This writer also has a brief personal brush with this famous scientist.It happened in 2004. I wrote an article on the nature of mathematics as a language and sent him in a rare fit of rashness. I was surprised to receive a detailed reply from him.
‘First I think your essay is very thoughtful, interesting and valuable’ he had started, perhaps the best compliments I ever received in my career as popular science writer. He disagreed with some of the points in the article. He pointed them out in a detailed manner. He had taken the pain of getting the relevant portions from his ‘The Society of Mind‘.
I had written:
Educational psychologists talk of ‘intentional ambiguity’ at the root of mathematical knowledge acquiring by humans (the process of counting and the result of counting get encapsulated in the expression of a number). At the other end of the spectrum there is ambiguity in understanding what a mathematical construct means in terms of the complete picture of reality.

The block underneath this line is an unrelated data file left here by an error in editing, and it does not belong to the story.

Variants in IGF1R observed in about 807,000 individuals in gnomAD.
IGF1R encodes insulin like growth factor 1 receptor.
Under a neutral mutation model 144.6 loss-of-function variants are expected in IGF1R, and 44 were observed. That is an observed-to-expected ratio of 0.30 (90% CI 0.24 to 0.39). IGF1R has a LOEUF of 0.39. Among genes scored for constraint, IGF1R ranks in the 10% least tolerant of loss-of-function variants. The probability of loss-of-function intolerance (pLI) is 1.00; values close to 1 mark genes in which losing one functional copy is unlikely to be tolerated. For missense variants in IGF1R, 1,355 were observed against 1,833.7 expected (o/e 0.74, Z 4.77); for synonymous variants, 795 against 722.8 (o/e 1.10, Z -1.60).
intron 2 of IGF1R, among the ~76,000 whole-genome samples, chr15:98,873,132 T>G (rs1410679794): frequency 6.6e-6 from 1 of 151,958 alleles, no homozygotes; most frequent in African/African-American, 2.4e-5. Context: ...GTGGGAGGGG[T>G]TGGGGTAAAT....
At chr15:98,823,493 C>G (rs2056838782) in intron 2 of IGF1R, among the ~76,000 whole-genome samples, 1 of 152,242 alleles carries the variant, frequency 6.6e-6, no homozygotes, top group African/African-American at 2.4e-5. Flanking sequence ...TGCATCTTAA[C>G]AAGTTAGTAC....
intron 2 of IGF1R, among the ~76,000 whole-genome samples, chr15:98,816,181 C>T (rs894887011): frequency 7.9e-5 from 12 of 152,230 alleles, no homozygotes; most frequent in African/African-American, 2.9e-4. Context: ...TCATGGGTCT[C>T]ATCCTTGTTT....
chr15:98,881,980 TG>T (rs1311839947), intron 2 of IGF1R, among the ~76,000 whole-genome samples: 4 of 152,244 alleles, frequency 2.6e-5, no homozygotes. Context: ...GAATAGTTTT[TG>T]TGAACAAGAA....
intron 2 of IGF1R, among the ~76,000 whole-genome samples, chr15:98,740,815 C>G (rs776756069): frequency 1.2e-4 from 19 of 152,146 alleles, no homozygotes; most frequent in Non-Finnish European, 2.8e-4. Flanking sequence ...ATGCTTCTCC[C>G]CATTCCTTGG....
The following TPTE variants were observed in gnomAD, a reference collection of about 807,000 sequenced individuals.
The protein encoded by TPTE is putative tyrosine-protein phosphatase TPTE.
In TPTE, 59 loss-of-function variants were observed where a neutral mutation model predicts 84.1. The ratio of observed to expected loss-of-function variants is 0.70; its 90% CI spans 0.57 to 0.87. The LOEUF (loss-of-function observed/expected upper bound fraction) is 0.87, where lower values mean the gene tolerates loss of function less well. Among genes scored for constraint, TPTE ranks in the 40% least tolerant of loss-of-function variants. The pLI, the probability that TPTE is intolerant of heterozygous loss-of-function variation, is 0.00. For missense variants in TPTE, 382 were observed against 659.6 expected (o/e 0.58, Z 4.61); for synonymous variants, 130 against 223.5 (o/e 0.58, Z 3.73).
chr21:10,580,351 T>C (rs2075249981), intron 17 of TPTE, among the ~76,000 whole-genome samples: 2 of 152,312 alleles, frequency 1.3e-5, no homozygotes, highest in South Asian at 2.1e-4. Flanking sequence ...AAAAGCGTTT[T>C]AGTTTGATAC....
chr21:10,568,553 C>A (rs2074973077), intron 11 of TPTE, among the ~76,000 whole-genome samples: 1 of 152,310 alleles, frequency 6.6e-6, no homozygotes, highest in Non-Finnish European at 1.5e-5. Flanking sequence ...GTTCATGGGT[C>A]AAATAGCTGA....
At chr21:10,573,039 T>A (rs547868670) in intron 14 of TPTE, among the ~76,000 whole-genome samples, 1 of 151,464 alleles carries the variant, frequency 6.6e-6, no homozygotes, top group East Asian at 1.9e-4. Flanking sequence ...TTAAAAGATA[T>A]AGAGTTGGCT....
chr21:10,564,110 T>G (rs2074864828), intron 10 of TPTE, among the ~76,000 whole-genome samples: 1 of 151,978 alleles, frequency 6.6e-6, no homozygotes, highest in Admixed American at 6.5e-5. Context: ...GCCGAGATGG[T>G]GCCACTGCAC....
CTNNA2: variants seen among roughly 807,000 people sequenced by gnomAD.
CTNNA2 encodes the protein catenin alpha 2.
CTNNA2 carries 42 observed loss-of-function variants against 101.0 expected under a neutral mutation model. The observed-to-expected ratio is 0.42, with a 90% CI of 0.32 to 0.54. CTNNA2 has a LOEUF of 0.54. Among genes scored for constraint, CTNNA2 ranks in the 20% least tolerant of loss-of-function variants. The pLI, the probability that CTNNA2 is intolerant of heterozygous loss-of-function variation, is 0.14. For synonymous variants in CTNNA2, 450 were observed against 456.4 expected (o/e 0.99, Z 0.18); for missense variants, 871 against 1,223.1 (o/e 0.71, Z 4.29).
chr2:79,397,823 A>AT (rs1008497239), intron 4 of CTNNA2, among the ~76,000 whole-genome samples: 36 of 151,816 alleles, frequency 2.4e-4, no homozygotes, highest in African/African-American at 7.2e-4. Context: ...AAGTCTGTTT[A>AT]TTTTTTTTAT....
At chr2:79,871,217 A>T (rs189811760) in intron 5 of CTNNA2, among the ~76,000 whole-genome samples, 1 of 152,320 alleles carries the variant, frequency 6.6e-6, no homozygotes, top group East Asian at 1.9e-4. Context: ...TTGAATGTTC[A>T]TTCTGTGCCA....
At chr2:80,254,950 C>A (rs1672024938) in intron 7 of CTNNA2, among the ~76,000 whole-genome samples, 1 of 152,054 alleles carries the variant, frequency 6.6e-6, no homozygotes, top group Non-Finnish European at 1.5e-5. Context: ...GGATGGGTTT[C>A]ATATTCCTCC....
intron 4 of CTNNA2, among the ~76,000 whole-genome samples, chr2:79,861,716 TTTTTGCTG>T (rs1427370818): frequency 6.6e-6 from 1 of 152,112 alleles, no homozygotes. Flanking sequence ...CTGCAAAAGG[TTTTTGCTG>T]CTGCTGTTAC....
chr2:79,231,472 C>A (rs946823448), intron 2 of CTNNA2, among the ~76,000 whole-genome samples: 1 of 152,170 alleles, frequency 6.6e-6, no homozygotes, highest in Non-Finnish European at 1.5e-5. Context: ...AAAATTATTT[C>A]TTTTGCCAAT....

And Minsky commented:
I agree completely. But I see it as a consequence that we do not yet have a ‘complete picture’ of the world. Some physicists think that we may eventually achieve one, while others think that there will forever be new problems. And, obviously, even when we get one, we won’t be able to prove that it is complete‹so this is a question that (probably) will never be settled. (Especially, if we find ways to make new universes with different physical laws.)
I was delighted. And then I got derailed. Other interests took over. I lost communication with him. But the way he responded to an unknown youth, somewhere in a small town in the remote corner of the world, showed a greatness of heart of one of the greatest minds that ever walked among our species. I feel a personal grief at his death and I wonder if he really forgot that incantation.